By Dave Williams
ATLANTA - Republicans in the General Assembly will be working to increase their majorities in the House and Senate this fall, while Democrats try to regain lost ground.
But an early election-year look at the political landscape shows that opportunities for either side to pick up seats likely will be few.
This could be the second status-quo election in a row for the Georgia Senate, where Republicans hold the same 34-22 advantage now that they enjoyed before the 2006 elections.
On the House side, the GOP did add six seats in the last election cycle and gained a seventh this year when Rep. Mike Jacobs of Atlanta switched parties. Republicans now command a huge 107-73 majority in the lower chamber.
Indeed, the GOP dominance has grown so lopsided that Republicans in one sense have become victims of their own success.
In 2004, when the GOP took control of the House, and again in 2006, Republican gains came primarily from party switchers and from seats vacated by retiring Democrats.
But that trend may have run its course, said Charles Bullock, a political science professor at the University of Georgia.
"There aren't many old timers left who haven't retired or switched parties," he said. "[Republicans] have picked up the low-hanging fruit."
In the Senate, Bullock said, Republicans already have taken full advantage of the advantageous redistricting map drawn by the federal courts, which took effect back in 2004.
That explains why the party makeup of the chamber stayed the same in 2006, he said.
"It's pretty much maxed out," he said. "There may be only three to four seats statewide that could change hands."
Bullock said the General Assembly typically finds itself in such a holding pattern late each decade.
By law, the legislature must draw new House and Senate district boundaries every 10 years following the census to adjust for growth and shifts in population.
Even accounting for the lawsuits that resulted in the maps being drawn twice, the more veteran legislators already have run two times in the same districts and won.
"Incumbents are fairly comfortable with their districts," Bullock said.
By the same token, he said, any would-be challenger may think twice before attempting to knock off an incumbent this year when he or she could wait until after the next redistricting mixes up the lines again.
Of course, legislative politics is about more than district lines. It's also about issues.
House Minority Leader DuBose Porter (D-Dublin) said those clearly favor Democratic candidates this year.
He said voter dissatisfaction with the way Gov. Sonny Perdue and Republican legislative leaders have handled transportation, particularly their lack of support for commuter rail, will hurt GOP candidates in congested suburban areas.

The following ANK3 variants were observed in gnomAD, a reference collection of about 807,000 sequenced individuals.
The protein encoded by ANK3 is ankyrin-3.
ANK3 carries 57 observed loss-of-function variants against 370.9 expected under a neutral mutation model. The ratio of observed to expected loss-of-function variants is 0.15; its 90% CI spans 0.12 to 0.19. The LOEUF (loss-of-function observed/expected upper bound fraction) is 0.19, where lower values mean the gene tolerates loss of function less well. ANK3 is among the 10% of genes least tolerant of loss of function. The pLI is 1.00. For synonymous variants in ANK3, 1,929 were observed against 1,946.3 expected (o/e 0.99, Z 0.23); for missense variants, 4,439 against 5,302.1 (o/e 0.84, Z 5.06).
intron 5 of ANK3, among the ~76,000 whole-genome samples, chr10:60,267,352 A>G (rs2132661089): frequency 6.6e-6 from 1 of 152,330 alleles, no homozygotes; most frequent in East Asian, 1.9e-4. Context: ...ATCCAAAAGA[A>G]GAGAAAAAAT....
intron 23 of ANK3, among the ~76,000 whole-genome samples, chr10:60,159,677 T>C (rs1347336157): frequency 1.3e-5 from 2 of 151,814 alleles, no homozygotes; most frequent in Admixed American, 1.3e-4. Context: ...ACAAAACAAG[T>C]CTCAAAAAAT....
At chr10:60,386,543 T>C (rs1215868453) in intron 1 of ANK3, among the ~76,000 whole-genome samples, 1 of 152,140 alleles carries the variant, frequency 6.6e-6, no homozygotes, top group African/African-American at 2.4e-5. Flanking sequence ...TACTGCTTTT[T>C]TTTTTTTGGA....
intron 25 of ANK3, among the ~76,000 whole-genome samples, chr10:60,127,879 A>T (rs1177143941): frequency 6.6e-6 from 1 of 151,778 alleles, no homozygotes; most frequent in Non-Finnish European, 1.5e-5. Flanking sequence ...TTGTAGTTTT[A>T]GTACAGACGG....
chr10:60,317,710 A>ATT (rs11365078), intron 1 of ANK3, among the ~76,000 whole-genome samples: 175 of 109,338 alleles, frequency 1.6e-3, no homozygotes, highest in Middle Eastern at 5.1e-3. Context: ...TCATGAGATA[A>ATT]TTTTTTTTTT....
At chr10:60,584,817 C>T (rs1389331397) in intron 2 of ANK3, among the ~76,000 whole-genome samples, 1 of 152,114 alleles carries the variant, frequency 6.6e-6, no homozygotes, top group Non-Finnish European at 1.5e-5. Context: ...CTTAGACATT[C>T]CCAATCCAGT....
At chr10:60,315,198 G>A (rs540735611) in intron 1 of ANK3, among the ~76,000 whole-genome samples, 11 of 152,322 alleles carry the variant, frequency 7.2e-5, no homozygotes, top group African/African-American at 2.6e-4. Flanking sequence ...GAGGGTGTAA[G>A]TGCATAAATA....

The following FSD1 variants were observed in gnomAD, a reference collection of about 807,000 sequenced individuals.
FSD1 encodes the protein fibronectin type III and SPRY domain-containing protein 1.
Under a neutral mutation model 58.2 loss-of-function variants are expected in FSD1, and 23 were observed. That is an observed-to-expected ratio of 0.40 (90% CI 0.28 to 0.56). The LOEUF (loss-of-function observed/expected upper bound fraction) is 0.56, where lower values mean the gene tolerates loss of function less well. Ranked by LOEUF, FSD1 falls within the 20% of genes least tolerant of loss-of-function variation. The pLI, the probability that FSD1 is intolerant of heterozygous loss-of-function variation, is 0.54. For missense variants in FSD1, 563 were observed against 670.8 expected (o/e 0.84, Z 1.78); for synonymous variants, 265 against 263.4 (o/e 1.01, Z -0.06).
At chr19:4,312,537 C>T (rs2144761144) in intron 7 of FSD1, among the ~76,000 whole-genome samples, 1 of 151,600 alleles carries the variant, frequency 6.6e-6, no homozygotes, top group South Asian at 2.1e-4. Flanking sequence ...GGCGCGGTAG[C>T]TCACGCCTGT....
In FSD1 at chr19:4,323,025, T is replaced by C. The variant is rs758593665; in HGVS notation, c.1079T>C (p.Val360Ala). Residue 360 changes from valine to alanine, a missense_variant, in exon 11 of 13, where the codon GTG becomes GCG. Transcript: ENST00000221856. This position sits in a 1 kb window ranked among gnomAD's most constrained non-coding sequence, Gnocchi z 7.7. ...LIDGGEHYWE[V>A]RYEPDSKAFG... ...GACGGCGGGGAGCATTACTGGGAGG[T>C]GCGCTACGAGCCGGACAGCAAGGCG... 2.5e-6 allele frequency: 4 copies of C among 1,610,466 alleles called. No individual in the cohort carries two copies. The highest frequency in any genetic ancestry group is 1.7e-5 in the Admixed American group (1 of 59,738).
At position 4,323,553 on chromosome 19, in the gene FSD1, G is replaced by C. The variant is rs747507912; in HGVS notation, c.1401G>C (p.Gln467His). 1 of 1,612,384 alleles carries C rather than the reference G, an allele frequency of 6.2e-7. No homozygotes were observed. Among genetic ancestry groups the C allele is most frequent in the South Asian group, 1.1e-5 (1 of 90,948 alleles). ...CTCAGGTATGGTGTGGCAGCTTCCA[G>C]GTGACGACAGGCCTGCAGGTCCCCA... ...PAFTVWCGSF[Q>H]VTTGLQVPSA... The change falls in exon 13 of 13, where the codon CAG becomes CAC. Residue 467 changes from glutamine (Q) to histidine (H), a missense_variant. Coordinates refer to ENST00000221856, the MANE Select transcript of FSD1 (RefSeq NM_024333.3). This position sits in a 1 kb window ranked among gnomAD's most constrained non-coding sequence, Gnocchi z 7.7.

"People in suburbs are frustrated with the lack of transportation funding," he said.
Porter said discontent with school funding cuts imposed by the GOP will hit home hardest with rural voters.
"People in rural areas live close to their elected officials," he said. "They know the reason property taxes are so high in Georgia is the state hasn't done what it needs to do in funding the schools."
But Ben Fry, spokesman for the Georgia Republican Party, said the GOP has built a record of fiscal responsibility that will appeal to voters across the state.
It's Republican lawmakers who are at the forefront of efforts to overhaul tax and spending policies, from House Speaker Glenn Richardson's plan to replace school property taxes with an expanded sales tax to a Senate-backed proposal to limit annual increases in state spending to population growth plus state government inflation.
Fry also said there are still some seats held by Democrats in Republican-trending districts that the GOP can pick off.
"There's probably going to be some Democratic incumbents who haven't voted with their districts," he said.
The list of Democratic House incumbents in districts considered vulnerable to the GOP includes Reps. Jeannette Jamieson of Toccoa, Alan Powell of Hartwell and Jimmy Lord of Sandersville.
Republicans also again are expected to target Sen. Tim Golden of Valdosta, chairman of the Senate Democratic Caucus, But Bullock said Democrats probably will hold onto most of those seats at least until the incumbents leave office.
Two key factors that figure into the parties' respective prospects for November won't be known for several months.
The most important will be what happens during this year's legislative session, which convenes a week from Monday.
After that, Republicans and Democrats will put together their rosters of candidates, who will plunk down their qualifying fees in late April.
"A lot's going to depend on how things turn out between now and qualifying," Fry said.
BY THE NUMBERS
After taking control of the Senate in 2002 and the House in 2004, Republicans have built solid majorities in both chambers of the General Assembly: